How to Introduce Your Parents and Your In-Laws
As your big day approaches, thereâ€™s a relationship (other than yours with your S.O., of course) that needs some attention: The one between your parents and your in-laws! If theyâ€™ve never met before, itâ€™s high time for that first introduction, and even if they have had a chance or two to chat, thereâ€™s no time like the present to help them get to know one another a little bit better.
We asked our experts for their top tips to help this important relationship get off on the right foot.
Extend an Invitation
Traditionally, the parents of the groom are supposed to reach out to the parents of the bride to arrange that first meeting. While weâ€™re all for tradition, if your mom just canâ€™t wait to meet your future mother-in-law (and your FMIL doesnâ€™t live her life according to Emily Post), your parents can definitely make the first move. Or, if you donâ€™t want to risk a faux pas, the two of you can arrange a meeting, instead. This option is becoming more and more popular, especially for couples who have dated for a while.
Navigate Divorces Respectfully
If your or your partnerâ€™s parents are divorced, you may need to arrange two separate meetings (especially if the separated parents donâ€™t exactly get along). Regardless of which parent you might be closer to, try to give both parents a chance to meet your in-laws in advance of your big day if possible.
Deal With Distance
If you and your S.O. grew up near one another, arranging a meeting may not be too difficult. But if youâ€™re from the East Coast, your partner is from the Midwest, and you both live in California, arranging to get your parents in one place could be tough. And while it might be the easiest choice, having your parents and your future in-laws come to visit for multiple days at the same time is a lot of pressure with no easy escape plan. In this instance, meeting in the days leading up to the wedding is probably your best bet.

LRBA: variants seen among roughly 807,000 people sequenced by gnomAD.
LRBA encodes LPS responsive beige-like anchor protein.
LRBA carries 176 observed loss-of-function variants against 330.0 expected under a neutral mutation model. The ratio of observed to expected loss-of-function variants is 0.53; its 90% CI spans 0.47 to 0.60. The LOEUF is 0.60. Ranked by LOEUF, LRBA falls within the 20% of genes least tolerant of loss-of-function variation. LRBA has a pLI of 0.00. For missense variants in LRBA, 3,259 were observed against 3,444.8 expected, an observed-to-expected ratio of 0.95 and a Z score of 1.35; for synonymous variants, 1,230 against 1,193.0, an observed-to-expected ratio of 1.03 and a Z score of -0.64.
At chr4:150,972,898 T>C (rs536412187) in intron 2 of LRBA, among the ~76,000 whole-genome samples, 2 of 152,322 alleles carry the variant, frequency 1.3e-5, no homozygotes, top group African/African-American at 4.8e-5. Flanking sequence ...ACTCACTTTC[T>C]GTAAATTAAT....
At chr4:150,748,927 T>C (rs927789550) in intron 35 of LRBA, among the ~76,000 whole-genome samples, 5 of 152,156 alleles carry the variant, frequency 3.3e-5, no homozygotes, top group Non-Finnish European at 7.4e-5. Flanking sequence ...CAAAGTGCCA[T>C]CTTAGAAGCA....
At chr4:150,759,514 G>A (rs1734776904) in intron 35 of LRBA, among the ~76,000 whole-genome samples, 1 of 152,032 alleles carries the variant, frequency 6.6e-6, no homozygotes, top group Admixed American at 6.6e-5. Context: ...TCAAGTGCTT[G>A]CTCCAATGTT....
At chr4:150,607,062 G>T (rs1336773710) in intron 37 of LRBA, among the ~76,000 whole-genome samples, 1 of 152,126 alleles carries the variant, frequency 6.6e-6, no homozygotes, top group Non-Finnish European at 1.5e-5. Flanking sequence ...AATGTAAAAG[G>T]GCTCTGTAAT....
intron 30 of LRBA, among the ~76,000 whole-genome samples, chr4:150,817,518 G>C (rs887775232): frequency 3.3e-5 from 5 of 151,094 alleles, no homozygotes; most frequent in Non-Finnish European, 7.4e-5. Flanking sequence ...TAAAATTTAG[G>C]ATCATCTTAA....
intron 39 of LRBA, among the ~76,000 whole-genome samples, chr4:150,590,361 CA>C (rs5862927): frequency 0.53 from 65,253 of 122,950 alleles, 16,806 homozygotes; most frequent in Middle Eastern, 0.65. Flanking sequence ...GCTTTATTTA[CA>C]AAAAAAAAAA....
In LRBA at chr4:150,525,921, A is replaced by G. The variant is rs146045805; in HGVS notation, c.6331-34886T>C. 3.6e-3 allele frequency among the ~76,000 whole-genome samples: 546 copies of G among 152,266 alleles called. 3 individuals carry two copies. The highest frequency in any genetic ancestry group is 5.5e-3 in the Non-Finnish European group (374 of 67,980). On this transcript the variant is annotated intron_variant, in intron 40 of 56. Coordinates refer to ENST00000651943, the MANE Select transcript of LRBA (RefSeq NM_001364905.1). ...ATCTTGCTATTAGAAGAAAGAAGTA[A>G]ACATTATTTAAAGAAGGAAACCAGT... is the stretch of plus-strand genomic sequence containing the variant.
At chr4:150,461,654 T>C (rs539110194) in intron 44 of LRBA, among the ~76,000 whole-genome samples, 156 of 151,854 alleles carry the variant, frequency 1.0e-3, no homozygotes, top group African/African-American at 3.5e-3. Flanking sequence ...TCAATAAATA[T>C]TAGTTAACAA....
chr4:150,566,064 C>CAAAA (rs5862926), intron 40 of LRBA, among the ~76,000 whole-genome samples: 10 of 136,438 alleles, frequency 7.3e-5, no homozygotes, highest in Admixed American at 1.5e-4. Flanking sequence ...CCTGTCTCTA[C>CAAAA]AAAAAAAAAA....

Ask both sets of parents to come to town a few days before you tie the knot so you can have a leisurely afternoon or evening getting to know one another before the stress kicks in.
Meet on Neutral Ground
Once youâ€™ve found a date and time that fits in everyoneâ€™s schedules, itâ€™s time to choose a place. It's a gracious gesture for one set of parents to offer to host, but finding somewhere neutral (whether your own home or a local restaurant) will make everyone much more comfortable. This way your dad isnâ€™t worried about manning the stove when he should be talking to your in-laws and your S.O.â€™s parents arenâ€™t nervous about making themselves comfortable in someone elseâ€™s home. Choose a setting thatâ€™s affordable (like a mid-priced restaurant) and crowd-pleasing (think Italian, not sushi). Make sure the setting is on the quiet side so you can all carry on a conversation!
Decide Whoâ€™s Payingâ€”in Advance!
Donâ€™t wait until the check comes to negotiate who will be footing the bill. If you know who will be paying ahead of time, youâ€™ll be able to cater the setting to the hostâ€™s budget. Etiquette states that the groomâ€™s parents pay during this first meeting, but thatâ€™s much more flexible than it used to be. Your parents may want to pay if your in-laws are visiting from out of town, or you and your S.O. may decide to pay yourselves and avoid any awkward moments.
Act as Hosts
Even if youâ€™re not paying for the meal, you and your partner should act as hosts to facilitate conversation and make sure everyone is comfortable. You know your own parents and are probably familiar with your in-laws, so use what you know to lead the conversation to common interests. Think about the topics in advance to avoid a conversation that feels like an interrogation. Get the â€śWhere do you live? What do you do?â€ť questions out of the way quickly or, better yet, use them as a jumping-off point. If your father is a chef and your mother-in-law is an avid home cook, steer the conversation toward their common interest.
Itâ€™s easy to get nervous about introducing your parents and in-laws for the first time, but if you and your S.O. are relaxed, everyone else will be, too. So take a deep breath, smile at your fiancĂ©, and join the conversation!